Colombo, Gender, Religion and faith

On women’s attire and gender equality: pondering on the long way ahead

I was strongly tempted to write this article after reading an article entitled On woman’s attire: Are we really tempting young boys and priests, by a writer under the pen name “Gypsy Bohemia”. The article was published on Groundviews on July 10 2009. We learn that the writer of the said article is a journalist working for a leading Sri Lankan newspaper. What follows is a ‘salad ball’ of ideas that stemmed from reading Gypsy Bohemia’s article and reader comments.

First of all, as a Sinhala Buddhist and a Sri Lankan, I extend my sincere appreciation of this writer and I my regret on her unpleasant experience. I fully endorse her viewpoint on the issue. To put it in a nutshell, a Sri Lankan woman found Gypsy Bohemia’s attire ‘unacceptable’ at a public event. Reading through some forty-three reader comments that follow this article, I was left with partial satisfaction and boiling rage. The comments made by some Sri Lankans demonstrate the daunting extent of male-dominated, macho attitudes of some of my countrymen. One Groundviews reader laments the extent of ‘Western influence’ on Sri Lankan women’s’ attires. Some others seem desperate to know what Gypsy Bohemia was wearing, so they can judge if she wore ‘acceptable’ clothes or not. By any means, it is crystal clear that Gypsy Bohemia’s article sparked a good few reactions among Groundviews readers.

In the present article, I wish to make a simple, clear statement: in a ‘civilised’ nation in modern society, a woman’s attire should not form the subject of discussion in relation to national values and morality. The comments made to Gypsy Bohemia’s article clearly show that for some Sri Lankans, a woman’s attire represents something close to morality, and even national values/identity. Through views of this nature, I see a major malaise in contemporary Sri Lankan society.

A woman, especially a young woman (i.e. 80s generation and after) definitely has the right to wear a dress she deems appropriate. If her parents, family or anyone else finds it inappropriate in any way, that is their problem, and not hers. The woman who approached Gypsy Bohemia, who calls herself a consultant, represents the high level of above-mentioned amnesiac malaise in Sri Lankan society. The most challenging fact is that the present political regime in Sri Lanka strongly encourages the healthy continuation of this malaise, instead of taking prompt steps to eradicate it. A good few months ago, I watched a Sri Lankan news bulletin featuring a controversial government minister, who holds a high degree of hatred towards media institutions, notably to the Maharaja Group. When asked why he was so mad at Sirasa TV, the minister’s answer was that Sirasa was instrumental in removing half-saris and dressing up young women with short skirts (Sri Lankan readers may understand, and non-Sri Lankan readers are kindly requested to ask someone familiar with Sri Lanka for clarifications). This view is both directly and indirectly propagated by the present government, which uses it as a means of appeasing hard-line Sinhala nationalists and the Buddhist establishment. This is the government’s key strategy to remain in power; when the large majority of the island’s permanent ethnic majority is successfully fed on Sinhala nationalist euphoria and the endorsement social conceptions on women’s attire and freedom, their support ensures the safe continuation of the regime.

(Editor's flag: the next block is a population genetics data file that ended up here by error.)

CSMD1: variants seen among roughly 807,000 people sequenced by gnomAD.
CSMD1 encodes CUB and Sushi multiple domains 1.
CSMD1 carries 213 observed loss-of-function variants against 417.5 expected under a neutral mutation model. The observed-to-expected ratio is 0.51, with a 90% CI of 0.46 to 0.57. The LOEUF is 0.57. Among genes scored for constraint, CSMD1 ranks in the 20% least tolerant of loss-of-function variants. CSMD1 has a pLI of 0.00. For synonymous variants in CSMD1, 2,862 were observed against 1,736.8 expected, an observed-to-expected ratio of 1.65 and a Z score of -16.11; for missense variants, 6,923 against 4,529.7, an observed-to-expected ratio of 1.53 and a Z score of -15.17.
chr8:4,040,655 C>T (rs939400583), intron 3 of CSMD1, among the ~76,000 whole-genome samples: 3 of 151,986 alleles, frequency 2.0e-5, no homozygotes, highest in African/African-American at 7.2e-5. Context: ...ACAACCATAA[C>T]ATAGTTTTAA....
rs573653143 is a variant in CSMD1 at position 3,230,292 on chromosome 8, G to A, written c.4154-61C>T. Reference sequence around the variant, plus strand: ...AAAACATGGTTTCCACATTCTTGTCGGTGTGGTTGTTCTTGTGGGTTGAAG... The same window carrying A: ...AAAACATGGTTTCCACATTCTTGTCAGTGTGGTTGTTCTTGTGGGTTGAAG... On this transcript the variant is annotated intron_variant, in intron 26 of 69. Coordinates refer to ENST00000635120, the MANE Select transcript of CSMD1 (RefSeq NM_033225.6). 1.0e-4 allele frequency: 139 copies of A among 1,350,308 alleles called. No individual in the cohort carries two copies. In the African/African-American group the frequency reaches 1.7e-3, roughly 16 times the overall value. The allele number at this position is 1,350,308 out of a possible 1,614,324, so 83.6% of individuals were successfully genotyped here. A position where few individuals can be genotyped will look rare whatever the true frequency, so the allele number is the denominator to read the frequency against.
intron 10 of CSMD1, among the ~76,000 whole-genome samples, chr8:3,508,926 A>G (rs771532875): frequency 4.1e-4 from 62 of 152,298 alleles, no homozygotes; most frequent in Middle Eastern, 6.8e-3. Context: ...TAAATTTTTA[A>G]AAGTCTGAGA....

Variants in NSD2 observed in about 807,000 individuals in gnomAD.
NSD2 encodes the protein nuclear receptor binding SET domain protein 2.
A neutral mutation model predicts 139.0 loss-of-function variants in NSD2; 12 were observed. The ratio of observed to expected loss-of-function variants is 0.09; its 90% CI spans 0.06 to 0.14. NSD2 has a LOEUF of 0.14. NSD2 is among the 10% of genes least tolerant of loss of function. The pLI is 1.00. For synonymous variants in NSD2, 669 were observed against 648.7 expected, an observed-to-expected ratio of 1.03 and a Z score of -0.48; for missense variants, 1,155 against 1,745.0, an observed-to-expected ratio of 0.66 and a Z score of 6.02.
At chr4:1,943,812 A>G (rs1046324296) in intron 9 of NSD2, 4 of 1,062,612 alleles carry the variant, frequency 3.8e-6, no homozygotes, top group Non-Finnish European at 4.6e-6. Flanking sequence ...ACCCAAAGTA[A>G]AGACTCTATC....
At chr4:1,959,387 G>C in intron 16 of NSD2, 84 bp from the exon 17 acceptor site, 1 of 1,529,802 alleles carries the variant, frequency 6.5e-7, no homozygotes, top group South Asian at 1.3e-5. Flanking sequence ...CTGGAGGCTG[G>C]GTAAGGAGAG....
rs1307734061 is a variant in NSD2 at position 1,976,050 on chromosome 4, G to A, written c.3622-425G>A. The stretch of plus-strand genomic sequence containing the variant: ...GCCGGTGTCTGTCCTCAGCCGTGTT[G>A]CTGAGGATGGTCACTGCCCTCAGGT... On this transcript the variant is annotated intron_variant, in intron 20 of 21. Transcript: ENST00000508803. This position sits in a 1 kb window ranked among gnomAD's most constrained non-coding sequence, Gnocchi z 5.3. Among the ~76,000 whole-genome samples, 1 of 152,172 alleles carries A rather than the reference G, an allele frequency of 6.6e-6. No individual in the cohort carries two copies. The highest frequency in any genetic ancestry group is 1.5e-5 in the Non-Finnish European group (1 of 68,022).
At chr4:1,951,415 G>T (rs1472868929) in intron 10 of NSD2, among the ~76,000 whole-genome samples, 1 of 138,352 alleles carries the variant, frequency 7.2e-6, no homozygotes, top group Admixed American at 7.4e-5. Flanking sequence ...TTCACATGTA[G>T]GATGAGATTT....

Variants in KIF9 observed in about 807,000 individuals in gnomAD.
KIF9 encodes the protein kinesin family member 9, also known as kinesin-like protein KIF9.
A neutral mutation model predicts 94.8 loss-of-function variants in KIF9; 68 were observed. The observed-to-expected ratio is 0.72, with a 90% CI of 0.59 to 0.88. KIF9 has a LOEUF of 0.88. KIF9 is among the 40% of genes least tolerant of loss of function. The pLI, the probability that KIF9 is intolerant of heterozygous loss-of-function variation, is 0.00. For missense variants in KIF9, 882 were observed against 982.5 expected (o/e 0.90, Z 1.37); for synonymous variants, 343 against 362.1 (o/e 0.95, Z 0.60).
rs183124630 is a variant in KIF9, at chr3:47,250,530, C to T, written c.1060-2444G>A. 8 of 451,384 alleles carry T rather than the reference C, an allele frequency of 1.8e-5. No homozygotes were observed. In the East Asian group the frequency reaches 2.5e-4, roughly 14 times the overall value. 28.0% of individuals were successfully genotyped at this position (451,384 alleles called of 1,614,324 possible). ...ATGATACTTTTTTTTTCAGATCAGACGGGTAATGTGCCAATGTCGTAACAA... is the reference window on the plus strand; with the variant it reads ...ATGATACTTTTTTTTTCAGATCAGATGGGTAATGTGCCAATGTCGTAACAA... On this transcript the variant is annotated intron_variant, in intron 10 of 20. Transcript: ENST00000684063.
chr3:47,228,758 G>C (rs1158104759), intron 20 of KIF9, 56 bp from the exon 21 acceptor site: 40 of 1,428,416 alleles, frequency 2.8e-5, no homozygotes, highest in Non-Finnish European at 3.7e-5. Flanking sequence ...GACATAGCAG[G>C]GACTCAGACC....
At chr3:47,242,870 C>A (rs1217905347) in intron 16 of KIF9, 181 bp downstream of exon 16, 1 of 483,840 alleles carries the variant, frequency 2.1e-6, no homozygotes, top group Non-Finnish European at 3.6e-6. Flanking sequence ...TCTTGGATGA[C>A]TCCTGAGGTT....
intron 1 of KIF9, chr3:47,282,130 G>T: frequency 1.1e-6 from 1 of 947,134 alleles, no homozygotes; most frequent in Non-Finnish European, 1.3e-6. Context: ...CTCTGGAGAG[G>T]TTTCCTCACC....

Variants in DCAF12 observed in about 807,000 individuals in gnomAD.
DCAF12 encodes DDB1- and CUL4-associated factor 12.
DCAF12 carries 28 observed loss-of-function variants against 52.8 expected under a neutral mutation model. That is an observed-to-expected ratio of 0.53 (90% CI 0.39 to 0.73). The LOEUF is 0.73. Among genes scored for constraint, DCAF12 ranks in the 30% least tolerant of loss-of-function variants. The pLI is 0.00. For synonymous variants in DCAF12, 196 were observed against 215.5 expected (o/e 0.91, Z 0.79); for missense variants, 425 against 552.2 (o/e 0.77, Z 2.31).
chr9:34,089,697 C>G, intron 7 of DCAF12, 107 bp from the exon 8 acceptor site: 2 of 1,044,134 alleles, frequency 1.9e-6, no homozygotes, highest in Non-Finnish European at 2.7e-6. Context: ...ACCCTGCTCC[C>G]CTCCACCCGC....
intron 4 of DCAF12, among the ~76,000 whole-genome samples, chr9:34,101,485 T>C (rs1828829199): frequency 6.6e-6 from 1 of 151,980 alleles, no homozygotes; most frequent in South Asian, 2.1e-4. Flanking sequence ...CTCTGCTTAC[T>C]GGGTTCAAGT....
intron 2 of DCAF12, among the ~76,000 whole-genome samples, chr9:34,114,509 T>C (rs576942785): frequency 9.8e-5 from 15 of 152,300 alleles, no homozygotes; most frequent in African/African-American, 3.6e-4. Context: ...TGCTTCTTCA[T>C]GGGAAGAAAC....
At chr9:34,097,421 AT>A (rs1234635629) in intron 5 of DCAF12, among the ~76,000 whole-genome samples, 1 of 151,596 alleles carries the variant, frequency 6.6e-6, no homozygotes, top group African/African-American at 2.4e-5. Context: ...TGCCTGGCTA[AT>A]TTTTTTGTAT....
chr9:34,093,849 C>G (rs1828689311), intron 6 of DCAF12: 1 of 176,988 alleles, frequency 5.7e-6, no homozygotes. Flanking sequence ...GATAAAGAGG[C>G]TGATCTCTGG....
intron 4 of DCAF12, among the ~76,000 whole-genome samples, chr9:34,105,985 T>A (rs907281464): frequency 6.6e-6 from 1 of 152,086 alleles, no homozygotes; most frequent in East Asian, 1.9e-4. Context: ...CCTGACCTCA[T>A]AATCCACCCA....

Hence one commenter’s conviction that the ‘priests’ referred to in Gypsy Bohemia’s article are Sinhala Buddhist priests. This writer fully agrees with this view. As some other readers have mentioned, the word ‘priests’ can also refer to ministers of religion in other faiths. If holy men and women of non-Buddhist faiths share this level of contempt on a woman’s attire, it goes without saying that all such views deserve is outright condemnation.

Secondly, some people are worried about so-called ‘Western influences’. To summarise their views, Western influences have a negative impact on the way Sri Lankan women dress. This, by all means, is a pitiful and extremely ignorant assumption, which only shows an extremely high level of prejudice, ignorance, and a chronic inability to understand Sri Lankan society.

The so-called Western societies, and some societies in non-Western parts of the world, have evolved into societies that tolerate equality for the two sexes to a high extent. This applies to all aspects of life, including sexuality. Women’s fashion has evolved through the years, in par with the evolution of societies and cultures into more accommodative and inclusive entities. A society is something in constant evolution, and modern Britain, to give an example, has turned the clock a full circle since the days of Victorian values (which were exported to all parts of the British Empire, and still have some degree of influence in some post-colonial societies).